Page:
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One year anniversary of elbow obliteration- Update, now jumping!!

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  • One year anniversary of elbow obliteration- Update, now jumping!!

    I wanted to share a small victory I had today. Exactly one year ago today, I was in surgery at Shock Trauma getting my obliterated right elbow put back together (for those who haven't seen them, here is a before surgery pic, and an after surgery pic ). Today is also exactly 7 weeks from having my hardware out, as one plate started really bothering me (so it now looks like this)

    I started riding again after the first surgery, but has definitely been a challenge at times. I just got cleared to go back again after the hardware removal, and had my first lesson back today! This was essentially ride #2 since being off for 6 weeks, but it felt great! My horse was a good boy and my instructor was awesome about getting things done without overdoing it. It gives me hope that once I get myself back in shape, we will be jumping and eventing again!

    I know that I am very lucky to be back to riding after my injury (my surgeon said no one has ever done as well as me with this type of injury), and just had to share
    Last edited by pharmgirl; Jul. 16, 2010, 01:57 PM.

  • #2
    Oh my, what a nasty fracture that was! This is fantastic and I hope you are able to keep on improving.
    Courageous Weenie Eventer Wannabe
    Incredible Invisible


    • #3
      OMG.....there was alot of metal in one elbow....Im glad to hear you are back riding. I give you lots of credit for getting back in the saddle after that incident..


      • Original Poster

        Thanks!!! Yes, there was mucho hardware! The long screw is 6 inches long (they let me keep most of it after it came out). Lots of coworkers (many of whom are vets) were comparing me to Barbaro! (I just said I hope I have a better outcome!)

        Luckily (for me and my horse as I think my family might have mad him alpo ) it wasn't while actually riding, but while leading through a gate (just a freak thing with two klutzy creatures- me and my horse). Made it a little easier getting back on, but my boy is 17.2 so I did realize how far down it was if I did fall .


        • #5
          That's wonderful news!!!!
          a 501(c)3 organization helping 501(c)3 equine rescues


          • #6
            Great news ~ Enjoy !

            So glad you are riding again ~ enjoy ! You are literally "tough as Nails or rather Screws" !
            Zu Zu Bailey " IT'S A WONDERFUL LIFE ! "


            • Original Poster

              Just had to update today that I had my first real jump lesson in two years and cantered a nice course for the first time in that long!! It was a bit delayed b/c my horse broke a coffin bone in the Snowmageddon, and just started back jumping a month or so ago.
              My horse was awesome, my instructor was great, and I owe much of that to mythical84 who has been an awesome personal trainer to my guy as I've been getting back into it.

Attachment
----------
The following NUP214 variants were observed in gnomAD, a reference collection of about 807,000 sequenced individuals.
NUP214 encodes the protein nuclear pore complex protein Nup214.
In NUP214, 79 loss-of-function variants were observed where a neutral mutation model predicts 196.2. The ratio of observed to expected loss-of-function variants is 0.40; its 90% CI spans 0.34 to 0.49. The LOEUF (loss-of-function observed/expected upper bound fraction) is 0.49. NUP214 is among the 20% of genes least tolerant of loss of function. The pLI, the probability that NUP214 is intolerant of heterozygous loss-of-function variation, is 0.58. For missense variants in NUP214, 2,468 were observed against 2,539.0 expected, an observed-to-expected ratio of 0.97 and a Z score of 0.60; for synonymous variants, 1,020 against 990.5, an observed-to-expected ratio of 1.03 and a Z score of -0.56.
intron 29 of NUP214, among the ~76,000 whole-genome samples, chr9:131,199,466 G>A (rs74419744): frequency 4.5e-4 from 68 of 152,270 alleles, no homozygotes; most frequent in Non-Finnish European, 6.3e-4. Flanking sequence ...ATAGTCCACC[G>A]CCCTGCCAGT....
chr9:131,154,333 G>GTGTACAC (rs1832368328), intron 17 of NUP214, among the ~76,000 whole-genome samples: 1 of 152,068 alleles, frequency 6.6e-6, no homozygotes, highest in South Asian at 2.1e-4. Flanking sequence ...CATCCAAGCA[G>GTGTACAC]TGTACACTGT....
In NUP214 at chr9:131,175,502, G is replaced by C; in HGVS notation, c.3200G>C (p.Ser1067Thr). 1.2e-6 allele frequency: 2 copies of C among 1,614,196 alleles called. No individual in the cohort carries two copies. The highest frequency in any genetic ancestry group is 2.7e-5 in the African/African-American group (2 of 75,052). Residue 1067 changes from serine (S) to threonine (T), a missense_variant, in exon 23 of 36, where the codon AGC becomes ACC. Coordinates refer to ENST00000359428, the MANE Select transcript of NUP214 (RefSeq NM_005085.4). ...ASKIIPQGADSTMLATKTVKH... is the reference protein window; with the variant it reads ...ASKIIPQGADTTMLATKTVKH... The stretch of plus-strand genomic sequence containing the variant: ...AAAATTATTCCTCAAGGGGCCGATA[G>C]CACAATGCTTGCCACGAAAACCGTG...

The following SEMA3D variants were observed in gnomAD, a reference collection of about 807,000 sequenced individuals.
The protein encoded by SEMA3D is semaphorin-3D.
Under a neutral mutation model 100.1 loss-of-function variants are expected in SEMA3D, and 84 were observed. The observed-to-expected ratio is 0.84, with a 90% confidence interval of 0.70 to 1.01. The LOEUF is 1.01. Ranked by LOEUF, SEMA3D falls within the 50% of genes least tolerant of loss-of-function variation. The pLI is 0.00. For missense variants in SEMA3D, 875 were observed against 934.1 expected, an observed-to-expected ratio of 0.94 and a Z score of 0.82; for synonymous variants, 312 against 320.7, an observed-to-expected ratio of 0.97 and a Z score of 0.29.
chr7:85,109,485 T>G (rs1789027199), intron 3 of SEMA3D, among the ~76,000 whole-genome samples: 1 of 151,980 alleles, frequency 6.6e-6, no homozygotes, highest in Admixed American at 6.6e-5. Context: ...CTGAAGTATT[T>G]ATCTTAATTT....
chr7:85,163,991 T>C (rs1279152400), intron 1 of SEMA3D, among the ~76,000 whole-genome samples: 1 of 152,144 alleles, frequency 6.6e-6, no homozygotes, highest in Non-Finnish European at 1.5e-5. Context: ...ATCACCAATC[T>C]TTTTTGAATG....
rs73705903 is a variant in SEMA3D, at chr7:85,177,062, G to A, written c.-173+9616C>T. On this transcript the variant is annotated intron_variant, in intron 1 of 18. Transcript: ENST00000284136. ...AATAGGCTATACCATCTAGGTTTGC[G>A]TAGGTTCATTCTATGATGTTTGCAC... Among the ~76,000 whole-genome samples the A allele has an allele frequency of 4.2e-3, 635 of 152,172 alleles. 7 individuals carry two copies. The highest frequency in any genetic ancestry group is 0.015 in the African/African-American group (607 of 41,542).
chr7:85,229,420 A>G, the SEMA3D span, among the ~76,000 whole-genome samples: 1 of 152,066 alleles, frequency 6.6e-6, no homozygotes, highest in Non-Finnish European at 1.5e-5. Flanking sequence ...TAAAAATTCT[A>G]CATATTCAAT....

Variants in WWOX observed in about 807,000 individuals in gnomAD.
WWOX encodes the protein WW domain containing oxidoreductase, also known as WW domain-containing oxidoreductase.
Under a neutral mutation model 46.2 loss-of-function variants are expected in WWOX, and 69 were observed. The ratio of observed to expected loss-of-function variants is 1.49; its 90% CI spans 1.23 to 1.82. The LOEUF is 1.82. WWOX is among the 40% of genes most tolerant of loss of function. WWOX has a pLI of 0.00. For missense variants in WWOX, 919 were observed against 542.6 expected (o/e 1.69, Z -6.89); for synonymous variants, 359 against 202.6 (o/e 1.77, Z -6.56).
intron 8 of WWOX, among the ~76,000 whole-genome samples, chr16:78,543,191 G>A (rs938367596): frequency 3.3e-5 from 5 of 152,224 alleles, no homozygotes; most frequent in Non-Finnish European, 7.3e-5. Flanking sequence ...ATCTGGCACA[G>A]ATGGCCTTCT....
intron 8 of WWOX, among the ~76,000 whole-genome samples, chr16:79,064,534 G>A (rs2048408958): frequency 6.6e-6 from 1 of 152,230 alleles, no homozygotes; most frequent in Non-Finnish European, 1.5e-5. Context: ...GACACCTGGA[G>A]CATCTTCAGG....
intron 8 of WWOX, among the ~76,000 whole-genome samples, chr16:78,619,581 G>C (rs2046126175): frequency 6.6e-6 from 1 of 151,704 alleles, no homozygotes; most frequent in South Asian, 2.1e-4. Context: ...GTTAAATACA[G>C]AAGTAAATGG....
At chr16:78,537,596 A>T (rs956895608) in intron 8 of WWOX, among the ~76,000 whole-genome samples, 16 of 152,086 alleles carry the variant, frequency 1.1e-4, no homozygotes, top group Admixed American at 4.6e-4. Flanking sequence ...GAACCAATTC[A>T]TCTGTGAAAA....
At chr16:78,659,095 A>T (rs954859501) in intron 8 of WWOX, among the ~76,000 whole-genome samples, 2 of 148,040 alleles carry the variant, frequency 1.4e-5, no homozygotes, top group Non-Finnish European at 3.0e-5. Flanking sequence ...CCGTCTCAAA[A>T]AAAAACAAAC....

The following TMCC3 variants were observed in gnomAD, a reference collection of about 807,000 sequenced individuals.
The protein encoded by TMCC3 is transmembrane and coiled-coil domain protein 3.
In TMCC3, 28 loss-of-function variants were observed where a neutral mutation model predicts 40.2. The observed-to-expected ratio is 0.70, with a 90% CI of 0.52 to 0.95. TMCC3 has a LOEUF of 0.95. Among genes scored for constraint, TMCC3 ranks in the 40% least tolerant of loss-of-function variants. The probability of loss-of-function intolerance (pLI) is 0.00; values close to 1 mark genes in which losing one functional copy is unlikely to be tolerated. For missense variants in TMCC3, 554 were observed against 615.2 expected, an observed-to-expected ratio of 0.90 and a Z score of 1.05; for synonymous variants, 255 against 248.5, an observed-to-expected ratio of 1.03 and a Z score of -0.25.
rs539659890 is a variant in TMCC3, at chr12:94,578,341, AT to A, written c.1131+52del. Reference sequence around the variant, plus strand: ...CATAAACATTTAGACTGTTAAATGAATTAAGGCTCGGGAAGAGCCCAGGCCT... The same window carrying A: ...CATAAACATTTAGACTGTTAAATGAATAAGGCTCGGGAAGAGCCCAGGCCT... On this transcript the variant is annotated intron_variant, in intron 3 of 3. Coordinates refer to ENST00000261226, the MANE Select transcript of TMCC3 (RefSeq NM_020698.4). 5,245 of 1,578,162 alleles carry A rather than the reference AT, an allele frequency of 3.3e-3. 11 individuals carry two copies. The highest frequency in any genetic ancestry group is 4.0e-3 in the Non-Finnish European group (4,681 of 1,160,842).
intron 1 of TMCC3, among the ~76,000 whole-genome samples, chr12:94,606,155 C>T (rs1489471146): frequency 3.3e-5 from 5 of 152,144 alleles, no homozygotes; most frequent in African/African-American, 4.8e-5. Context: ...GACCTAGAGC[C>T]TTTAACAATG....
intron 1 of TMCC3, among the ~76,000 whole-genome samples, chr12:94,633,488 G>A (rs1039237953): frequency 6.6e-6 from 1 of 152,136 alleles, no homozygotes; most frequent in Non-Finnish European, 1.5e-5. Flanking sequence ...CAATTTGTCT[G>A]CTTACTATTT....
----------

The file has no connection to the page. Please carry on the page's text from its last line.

• #8
                Hey pharmgirl, congratulations! Did you have to do any PT or anything after getting the hardware out, or did you just have to reduce activity and let it heal?

                Just curious because I also had a Monteggia fracture about a year ago, but a little further away from the elbow. So no complications with the elbow except the dislocation, and much less hardware than you, and I'm considering getting the plate and screws out. The Dr. said 6 weeks recovery, but I hope that's just healing and none of the mobility rehab I had with the 1st surgery. So I'm interested to hear how it went right after your hardware removal.
                Fear is the rocket sauce.
                Jack Black


                • Original Poster

                  Ziggy- no official PT after the hardware removal, but I did have to do some on my own to get ROM back. It's amazing how quickly it tightens up, but since I had the tools from PT the first time I knew what to expect and what to do. I was surprised it would be so easy, and kept asking my PT when I was in after the first surgery and thinking of possibly having it out. She kept assuring me that normally she does not see us return for more PT after hardware removal.

                  I went in the AM, got a twilight and nerve block on the arm (so no general anesthesia even), was ready to go a couple of hours later and DH even took me by Chipotle for lunch on my way home! Surgeon said don't do much at all for a few days, and when I went back he said start getting it out and move it. He said to start really doing more after the stitch came out, but no moving furniture . The last thing I could do was ride, which was at 6 weeks.

                  I must say that according to my PT and rock star surgeon, I am apparently a freak patient that heals well and quickly (was told I could never be used in a study b/c I was such an outlier). He was quite impressed at how well everything looked so fast, so I don't know how much that made an impact vs. other people.

                  I am SO incredibly happy I had the hardware taken out. I had that nasty plate from the lateral epicondyle fracture that was really causing problems (having it stick out wasn't so pleasant looking either ), and aside from the scar it feels pretty darn normal again!